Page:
The idea that Mitchell Trubisky can “raise all boats,” in John Fox parlance, was a theory about the No. 2 overall pick during offseason workouts and training camp. On Monday night, that theory became based in reality: Bears players felt like Trubisky made them better, though it didn’t lead to necessarily cleaner play.
But how Tre McBride III, who got his first significant action (43 offensive snaps) on Monday, described what Trubisky brought to the team is telling:
“As far as I was concerned, I felt his confidence and I bought into that and it drove me to get my confidence where it needed to be,” McBride said. “And that’s really important as a quarterback, as a leader of the offense, that your confidence is able to be seen by your counterparts. That’s what I definitely recognize.”
McBride only recorded one catch on one official target, but he had a spectacular 26-yard reception — that would’ve moved the Bears to the Minnesota Vikings’ 9-yard line — that was wiped out by a Cody Whitehair holding penalty. He nearly reeled in a Trubisky deep ball in the second quarter, only to have offensive pass interference called against him (“it was the last thing I was expecting,” McBride said of that flag).
That energy Trubisky provided didn’t lead to a win or even a good stat line (12/25, 128 yards, 1 TD, 1 INT). But it’s part of the reason the Bears are confident in what Trubisky can do even as he works through some of the growing pains of being a rookie quarterback.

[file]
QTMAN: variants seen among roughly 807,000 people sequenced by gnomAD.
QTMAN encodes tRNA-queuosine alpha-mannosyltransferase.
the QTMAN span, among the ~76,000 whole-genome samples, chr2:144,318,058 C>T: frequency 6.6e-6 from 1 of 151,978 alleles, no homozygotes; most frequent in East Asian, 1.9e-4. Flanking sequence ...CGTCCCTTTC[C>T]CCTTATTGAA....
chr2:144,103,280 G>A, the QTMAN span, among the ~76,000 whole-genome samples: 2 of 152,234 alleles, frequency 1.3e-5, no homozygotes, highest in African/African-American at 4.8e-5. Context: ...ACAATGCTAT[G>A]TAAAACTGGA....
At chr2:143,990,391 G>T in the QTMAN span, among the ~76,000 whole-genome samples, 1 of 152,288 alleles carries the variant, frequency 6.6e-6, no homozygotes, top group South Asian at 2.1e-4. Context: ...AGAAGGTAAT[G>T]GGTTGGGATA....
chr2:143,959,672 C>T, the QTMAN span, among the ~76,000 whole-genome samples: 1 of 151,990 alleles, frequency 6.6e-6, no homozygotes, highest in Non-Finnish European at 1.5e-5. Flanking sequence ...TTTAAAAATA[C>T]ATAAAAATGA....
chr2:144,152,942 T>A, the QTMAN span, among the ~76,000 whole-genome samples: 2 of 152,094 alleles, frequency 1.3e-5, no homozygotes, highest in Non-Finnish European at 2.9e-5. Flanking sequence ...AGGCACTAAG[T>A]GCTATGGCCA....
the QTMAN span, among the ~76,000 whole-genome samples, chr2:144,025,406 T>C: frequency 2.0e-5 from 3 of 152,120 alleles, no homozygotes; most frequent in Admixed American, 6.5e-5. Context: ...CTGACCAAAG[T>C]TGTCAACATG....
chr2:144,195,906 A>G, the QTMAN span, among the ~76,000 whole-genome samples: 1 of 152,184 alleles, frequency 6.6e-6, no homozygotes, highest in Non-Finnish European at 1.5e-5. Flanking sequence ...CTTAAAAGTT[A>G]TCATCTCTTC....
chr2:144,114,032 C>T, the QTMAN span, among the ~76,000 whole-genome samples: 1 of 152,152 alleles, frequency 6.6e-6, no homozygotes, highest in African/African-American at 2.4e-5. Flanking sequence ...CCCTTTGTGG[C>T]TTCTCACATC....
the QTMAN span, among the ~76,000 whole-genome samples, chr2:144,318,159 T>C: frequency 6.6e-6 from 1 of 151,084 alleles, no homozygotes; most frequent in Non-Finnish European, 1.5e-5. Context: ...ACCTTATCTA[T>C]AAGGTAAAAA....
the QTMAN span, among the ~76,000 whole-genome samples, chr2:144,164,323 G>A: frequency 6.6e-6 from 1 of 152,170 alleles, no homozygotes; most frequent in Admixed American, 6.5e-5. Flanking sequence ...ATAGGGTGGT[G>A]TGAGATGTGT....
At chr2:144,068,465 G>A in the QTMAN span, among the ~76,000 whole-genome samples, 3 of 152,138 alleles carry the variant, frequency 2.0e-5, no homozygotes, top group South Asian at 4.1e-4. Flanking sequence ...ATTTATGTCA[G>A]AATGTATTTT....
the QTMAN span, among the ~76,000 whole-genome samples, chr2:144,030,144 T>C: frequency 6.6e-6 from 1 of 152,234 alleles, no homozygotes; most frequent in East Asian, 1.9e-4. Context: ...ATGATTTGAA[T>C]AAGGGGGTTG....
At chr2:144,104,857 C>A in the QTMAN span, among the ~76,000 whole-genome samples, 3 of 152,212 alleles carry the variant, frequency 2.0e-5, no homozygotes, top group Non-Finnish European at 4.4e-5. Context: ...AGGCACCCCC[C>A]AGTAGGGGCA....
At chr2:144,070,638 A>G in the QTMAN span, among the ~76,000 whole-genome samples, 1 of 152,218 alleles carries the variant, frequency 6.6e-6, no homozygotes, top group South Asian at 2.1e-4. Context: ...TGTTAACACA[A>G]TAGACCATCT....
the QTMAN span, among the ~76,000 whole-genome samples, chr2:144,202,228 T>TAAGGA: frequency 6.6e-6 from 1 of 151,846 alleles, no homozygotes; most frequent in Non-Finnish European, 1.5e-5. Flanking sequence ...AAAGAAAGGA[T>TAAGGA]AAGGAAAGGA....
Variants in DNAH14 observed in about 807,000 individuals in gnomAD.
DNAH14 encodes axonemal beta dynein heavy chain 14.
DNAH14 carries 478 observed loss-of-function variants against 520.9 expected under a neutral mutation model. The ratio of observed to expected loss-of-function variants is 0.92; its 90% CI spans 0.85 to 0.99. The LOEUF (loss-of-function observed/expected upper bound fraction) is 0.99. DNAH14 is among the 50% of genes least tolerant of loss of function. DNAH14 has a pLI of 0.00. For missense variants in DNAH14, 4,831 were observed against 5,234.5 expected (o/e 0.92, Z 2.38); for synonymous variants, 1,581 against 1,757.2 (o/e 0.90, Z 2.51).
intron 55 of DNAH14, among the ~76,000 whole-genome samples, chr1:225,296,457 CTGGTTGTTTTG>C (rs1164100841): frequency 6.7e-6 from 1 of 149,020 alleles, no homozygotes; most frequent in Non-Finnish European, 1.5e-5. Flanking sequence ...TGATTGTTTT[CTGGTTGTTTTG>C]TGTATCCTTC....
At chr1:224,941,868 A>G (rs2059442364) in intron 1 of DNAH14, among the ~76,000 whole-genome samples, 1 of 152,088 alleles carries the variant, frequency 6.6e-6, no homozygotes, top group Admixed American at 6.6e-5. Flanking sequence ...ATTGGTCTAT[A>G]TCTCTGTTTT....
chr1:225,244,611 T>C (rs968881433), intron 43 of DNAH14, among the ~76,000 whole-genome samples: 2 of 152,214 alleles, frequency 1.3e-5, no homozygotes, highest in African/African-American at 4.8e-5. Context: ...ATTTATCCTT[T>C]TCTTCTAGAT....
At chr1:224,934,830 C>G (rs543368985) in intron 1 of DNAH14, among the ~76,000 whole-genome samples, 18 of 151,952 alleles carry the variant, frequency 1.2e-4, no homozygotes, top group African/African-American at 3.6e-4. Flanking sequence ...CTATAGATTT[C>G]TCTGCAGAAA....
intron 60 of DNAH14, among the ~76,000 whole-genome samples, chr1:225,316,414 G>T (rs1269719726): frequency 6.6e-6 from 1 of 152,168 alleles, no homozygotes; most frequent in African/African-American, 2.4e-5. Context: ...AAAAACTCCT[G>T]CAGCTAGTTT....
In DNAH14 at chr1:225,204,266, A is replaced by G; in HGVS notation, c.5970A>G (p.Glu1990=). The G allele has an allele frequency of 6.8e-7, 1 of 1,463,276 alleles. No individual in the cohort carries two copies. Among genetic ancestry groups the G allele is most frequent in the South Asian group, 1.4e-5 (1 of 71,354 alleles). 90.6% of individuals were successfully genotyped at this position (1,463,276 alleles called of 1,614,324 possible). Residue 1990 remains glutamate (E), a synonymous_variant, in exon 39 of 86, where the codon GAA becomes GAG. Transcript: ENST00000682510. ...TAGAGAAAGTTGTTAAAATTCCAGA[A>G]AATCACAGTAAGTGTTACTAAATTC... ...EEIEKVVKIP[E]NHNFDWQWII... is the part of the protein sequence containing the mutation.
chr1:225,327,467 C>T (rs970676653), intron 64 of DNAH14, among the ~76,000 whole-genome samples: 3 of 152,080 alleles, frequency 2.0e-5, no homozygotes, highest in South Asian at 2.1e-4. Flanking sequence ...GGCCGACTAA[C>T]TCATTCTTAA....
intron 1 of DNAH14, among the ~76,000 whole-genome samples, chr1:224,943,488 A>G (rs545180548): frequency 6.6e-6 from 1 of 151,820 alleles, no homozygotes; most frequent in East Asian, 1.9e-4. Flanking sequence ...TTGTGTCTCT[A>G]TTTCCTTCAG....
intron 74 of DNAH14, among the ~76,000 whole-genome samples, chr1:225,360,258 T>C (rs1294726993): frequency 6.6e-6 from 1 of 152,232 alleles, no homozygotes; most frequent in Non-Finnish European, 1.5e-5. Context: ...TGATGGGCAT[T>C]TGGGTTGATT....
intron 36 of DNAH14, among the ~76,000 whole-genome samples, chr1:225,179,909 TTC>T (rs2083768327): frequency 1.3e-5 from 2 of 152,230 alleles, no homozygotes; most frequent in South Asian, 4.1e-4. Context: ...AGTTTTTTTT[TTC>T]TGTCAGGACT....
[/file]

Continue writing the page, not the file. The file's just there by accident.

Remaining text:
The first teaching point for Trubisky: He doesn’t need to make a big play when facing a first-and-10 deep in his own territory with the game tied late in the fourth quarter.
“He's got to play,” offensive coordinator Dowell Loggains said. “And you have to understand situational football. It’s first-and-10, you don't need to make that play. You're on the edge and I do love the fact that he's aggressive, but it’s first-and-10, understand the situation, we're backed up, let's be smart, let's find a completion, let's get to our check down, let's run gets what we can and get out of bounds, that's really the biggest thing that you talk to him about.”
Trubisky still is learning how much tighter the windows are in the NFL compared to college and what plays he can and can’t make anymore. But the Bears also don’t want to coach the aggressiveness out of a quarterback who last week described himself as having a “gunslinger” mentality.
The good news: Trubisky doesn’t sound like someone who’s losing that aggressiveness anytime soon.
“You can’t be scared,” Trubisky said. “You’ve just got to think every time the ball’s in your hand that it’s going to be a completion, my guy’s going to come down with it, so when you’re extending plays you’re not thinking negatively. You’re being aggressive and you’re playing the game.”
Plays like the interception and the near-26-yard completion to McBride are all part of the learning process for Trubisky. As he continues to gain experience, the Bears are confident he’ll continue to show progress — all while elevating the play of everyone around him.
“He can create things, he can make people around him better and he’s only going to be able to keep doing that,” tight end Zach Miller said.